"We were supposed to be perfect ladies, virgins, compliant hypocrites; and the future wives of Harvard men . . ." reminisces Emily Buchman, one of four members of Radcliffe's Class of '57 whom Rona Jaffe depicts in "After the Reunion." This novel, the sequel to "Class Reunion" (1979), shows the affluent quartet immersed in romantic and domestic crises in the 1980s. They are also trying to outgrow the repressive social and moral code demurely obeyed by most Radcliffe women 30 years earlier.
During her college days, Emily aspired to be a doctor. After being told to marry one instead, she wed dermatologist Ken Buchman, moved to Beverly Hills and had two children. Unfortunately, Emily's outwardly idyllic existence is a farce. Ken--who furtively snorts cocaine--brow beats her relentlessly, her children are unaffectionate, and servile Emily tolerates the abuse of all three. When her marriage disintegrates, she establishes a thriving cookie-baking business, then vaults to entrepreneurial fame.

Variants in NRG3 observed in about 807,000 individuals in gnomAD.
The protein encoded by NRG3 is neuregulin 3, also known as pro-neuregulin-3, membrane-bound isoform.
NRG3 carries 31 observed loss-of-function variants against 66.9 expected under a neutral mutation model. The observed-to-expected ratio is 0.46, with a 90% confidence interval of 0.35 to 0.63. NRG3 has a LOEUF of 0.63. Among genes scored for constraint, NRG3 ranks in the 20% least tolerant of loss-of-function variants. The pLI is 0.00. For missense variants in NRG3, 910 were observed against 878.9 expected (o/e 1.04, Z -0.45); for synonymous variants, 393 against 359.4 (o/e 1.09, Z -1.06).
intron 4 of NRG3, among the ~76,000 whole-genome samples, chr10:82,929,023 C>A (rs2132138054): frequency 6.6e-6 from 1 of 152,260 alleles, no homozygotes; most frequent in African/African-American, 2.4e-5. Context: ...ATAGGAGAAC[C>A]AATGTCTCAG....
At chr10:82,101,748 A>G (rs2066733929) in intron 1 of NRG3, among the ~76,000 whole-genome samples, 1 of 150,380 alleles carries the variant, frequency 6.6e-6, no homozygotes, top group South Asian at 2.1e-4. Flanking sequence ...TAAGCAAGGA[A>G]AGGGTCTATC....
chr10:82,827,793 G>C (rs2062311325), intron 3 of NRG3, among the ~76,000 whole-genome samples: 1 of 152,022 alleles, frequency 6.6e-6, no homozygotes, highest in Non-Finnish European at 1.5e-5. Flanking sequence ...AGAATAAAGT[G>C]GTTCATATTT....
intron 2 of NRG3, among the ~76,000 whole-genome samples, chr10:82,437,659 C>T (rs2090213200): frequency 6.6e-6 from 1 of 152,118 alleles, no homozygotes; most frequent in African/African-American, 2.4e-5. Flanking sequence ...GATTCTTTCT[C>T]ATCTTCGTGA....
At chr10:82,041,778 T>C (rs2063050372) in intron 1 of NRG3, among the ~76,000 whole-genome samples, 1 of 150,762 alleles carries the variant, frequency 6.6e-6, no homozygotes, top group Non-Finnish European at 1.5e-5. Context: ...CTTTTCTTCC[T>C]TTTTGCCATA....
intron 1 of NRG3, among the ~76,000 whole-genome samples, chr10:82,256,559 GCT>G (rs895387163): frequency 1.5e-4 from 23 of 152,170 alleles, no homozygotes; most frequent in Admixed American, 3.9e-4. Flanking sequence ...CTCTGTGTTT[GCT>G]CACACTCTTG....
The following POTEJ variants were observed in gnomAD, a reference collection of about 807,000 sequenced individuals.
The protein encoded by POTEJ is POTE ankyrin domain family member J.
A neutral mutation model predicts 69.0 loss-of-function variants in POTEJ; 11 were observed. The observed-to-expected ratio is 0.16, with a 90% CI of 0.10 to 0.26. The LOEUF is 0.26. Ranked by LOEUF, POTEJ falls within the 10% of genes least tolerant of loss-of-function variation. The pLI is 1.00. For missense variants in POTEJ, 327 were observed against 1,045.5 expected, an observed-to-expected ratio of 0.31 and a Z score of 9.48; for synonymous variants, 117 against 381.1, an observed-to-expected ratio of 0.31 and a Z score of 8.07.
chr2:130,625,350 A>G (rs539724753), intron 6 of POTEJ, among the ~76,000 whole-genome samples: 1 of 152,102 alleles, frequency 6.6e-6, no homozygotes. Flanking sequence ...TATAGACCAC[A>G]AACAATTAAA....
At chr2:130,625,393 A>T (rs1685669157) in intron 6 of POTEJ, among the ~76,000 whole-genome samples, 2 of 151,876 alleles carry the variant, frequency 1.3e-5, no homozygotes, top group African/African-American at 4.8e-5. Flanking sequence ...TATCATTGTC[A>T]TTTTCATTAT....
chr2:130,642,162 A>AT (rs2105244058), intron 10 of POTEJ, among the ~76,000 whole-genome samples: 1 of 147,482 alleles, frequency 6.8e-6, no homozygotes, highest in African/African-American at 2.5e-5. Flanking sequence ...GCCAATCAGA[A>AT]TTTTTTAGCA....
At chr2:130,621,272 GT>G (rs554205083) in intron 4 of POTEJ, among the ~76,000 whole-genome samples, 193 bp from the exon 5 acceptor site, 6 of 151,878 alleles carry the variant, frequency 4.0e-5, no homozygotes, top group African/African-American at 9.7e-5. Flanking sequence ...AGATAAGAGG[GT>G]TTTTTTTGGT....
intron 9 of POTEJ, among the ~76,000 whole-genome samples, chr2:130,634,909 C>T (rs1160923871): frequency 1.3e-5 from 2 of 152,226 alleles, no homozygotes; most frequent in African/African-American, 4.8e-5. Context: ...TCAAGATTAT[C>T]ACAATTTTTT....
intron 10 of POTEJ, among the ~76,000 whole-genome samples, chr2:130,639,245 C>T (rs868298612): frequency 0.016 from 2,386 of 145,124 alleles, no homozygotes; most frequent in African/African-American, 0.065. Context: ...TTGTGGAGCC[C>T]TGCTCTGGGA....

Daphne "Golden Girl" Caldwell suppresses her discontent to avoid irritating her husband. Richard Caldwell usually rebuffs anyone with flaws, so the retardation of their institutionalized daughter goes unmentioned, as does Daphne's epilepsy and the other youngsters' growing pains. Richard's rigidity eventually destroys their teen-age son Jonathan, who hangs himself to escape the smothering artificiality of the Caldwell household. Daphne's discovery of her husband's infidelity finally compels her to choose between divorce or life with this callous philanderer.